What would you say if we told you that aliens have set up shop deep below the ocean’s surface? A series of strange holes along the seafloor have left scientists dumbfounded. And many are theorizing it might be a secret alien metropolis.
Strange Oceanic Holes Stump Scientists
On July 25, the National Oceanic and Atmospheric Administration’s (NOAA) Okeanos Explorer vessel uncovered “perfectly aligned” holes in the Mid-Atlantic Ridge, a region of the ocean that has still yet to be thoroughly explored.
The rectangular holes, located almost two miles below the ocean’s surface, form a perfectly straight line and repeat at regular intervals. Spaced a few inches apart from each other, the strange holes are encircled by mounds of sediment. This makes them look like they were dug out — not in — by something, or someone.
On Saturday’s #Okeanos dive, we saw several sublinear sets of holes in the seafloor. The origin of the holes has scientists stumped. The holes look human made, but the little piles of sediment around them suggest they were excavated by…something.
What’s YOUR hypothesis? pic.twitter.com/iGezxV9TK8
— NOAA Ocean Exploration (@oceanexplorer) July 25, 2022
“While they look almost human-made, the little piles of sediment around the holes make them seem like they were excavated by… something,” NOAA stated.
While scientists who were involved in the undersea expedition hypothesize that the weird holes were made by an unidentified subsurface organism or a larger aquatic animal with a feeding appendage, the internet has other theories.
We already know that the ocean is a treasure trove of mysteries waiting to be uncovered. But does that include deep-sea aliens?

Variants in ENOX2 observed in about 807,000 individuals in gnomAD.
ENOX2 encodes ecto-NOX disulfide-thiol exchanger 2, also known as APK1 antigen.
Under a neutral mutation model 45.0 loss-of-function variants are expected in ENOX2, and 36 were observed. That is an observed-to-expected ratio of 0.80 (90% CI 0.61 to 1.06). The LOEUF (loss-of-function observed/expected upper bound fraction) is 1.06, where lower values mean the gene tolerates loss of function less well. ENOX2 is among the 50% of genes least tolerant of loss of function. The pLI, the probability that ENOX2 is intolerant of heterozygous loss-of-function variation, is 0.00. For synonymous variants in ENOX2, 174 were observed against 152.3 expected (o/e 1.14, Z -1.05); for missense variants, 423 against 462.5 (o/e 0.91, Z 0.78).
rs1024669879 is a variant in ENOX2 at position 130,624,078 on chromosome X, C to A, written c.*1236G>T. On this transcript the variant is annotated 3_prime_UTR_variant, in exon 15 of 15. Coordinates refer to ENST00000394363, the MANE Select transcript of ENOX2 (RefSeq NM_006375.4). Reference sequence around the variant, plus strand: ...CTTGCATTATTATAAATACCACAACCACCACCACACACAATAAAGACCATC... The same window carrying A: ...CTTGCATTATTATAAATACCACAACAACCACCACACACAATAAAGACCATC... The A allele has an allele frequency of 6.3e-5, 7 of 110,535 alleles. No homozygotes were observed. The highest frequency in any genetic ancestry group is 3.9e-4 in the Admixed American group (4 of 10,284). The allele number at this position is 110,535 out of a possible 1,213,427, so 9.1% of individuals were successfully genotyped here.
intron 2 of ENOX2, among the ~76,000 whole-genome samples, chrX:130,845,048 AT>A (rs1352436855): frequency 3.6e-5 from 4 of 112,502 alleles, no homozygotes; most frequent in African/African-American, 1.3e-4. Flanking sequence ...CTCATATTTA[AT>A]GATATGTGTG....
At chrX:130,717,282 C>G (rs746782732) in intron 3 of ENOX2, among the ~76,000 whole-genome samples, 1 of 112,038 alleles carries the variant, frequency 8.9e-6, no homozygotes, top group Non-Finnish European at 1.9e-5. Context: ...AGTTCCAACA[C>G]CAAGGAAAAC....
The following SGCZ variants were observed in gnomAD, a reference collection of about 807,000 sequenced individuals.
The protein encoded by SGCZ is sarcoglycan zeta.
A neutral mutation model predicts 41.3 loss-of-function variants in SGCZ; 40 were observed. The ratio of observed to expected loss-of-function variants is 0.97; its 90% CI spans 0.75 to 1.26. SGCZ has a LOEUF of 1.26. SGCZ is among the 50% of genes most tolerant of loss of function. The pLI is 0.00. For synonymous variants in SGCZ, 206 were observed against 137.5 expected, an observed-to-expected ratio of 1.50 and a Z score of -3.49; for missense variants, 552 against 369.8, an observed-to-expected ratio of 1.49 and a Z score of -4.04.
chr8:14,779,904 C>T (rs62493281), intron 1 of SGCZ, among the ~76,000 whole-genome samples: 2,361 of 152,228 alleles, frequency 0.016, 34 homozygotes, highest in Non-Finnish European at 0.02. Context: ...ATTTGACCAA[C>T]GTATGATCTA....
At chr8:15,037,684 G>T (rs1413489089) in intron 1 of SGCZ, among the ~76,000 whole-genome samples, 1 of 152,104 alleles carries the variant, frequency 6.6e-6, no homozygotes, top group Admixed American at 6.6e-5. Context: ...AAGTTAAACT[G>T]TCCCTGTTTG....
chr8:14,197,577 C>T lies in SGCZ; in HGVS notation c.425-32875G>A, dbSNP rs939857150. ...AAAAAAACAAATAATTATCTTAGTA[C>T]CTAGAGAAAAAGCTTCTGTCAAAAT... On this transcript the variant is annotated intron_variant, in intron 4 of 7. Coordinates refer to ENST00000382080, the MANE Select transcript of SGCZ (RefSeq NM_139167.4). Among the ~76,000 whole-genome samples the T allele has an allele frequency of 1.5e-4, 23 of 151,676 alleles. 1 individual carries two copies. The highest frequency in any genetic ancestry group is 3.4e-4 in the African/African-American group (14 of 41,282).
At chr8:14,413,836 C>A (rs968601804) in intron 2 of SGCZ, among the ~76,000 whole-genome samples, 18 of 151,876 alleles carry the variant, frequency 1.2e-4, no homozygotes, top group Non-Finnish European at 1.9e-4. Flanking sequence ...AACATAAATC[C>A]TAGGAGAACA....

NOAA took to Facebook to ask the public for their “hypotheses” on what could have made such peculiar holes. Some suggestions include cartwheeling starfish, gas pockets, tectonic activity, and borrowing worms. Other people had far more darker theories.
Some commenters believed that the weird holes were made by aliens. Sadly, the piles of sediment left at the scene suggest that the holes had been excavated by an animal living underneath, not dug out by E.T.
Not the First Encounter
This was not the first encounter scientists have had with mysterious seafloor holes. During a dive in 2004, two marine scientists from the U.S. National Marine Fisheries Service uncovered weird holes on the ocean floor.
Back then, scientists proposed that the raised sediment around the holes indicated that an organism had been living underneath the sand and dug its way to the surface. They describe the holes as being “lebensspuren,” which translates to “life traces.”
The origin of the “alien” holes still remains a mystery. However, as scientists continue to explore and map the ocean floor, they might be lucky enough to one day see the hole-maker in action!
By Steph Weaver, contributor for Ripleys.com
I think you lost something after the part about the earlier find in 2004. I’m not sure if it’s the same case as I have in mind, but it sounds a lot like the fascinating round patterns that were discovered that turned out to be made by male goby fish as a means of attracting mates and then serving as nests, as I recall.
The word “sublinear” indicates they appear to be in a straight line, but aren’t necessarily in a perfect line. Although the sediment mounding looks like it was caused by something burrowing out, the holes could be made by something that plunged in, first.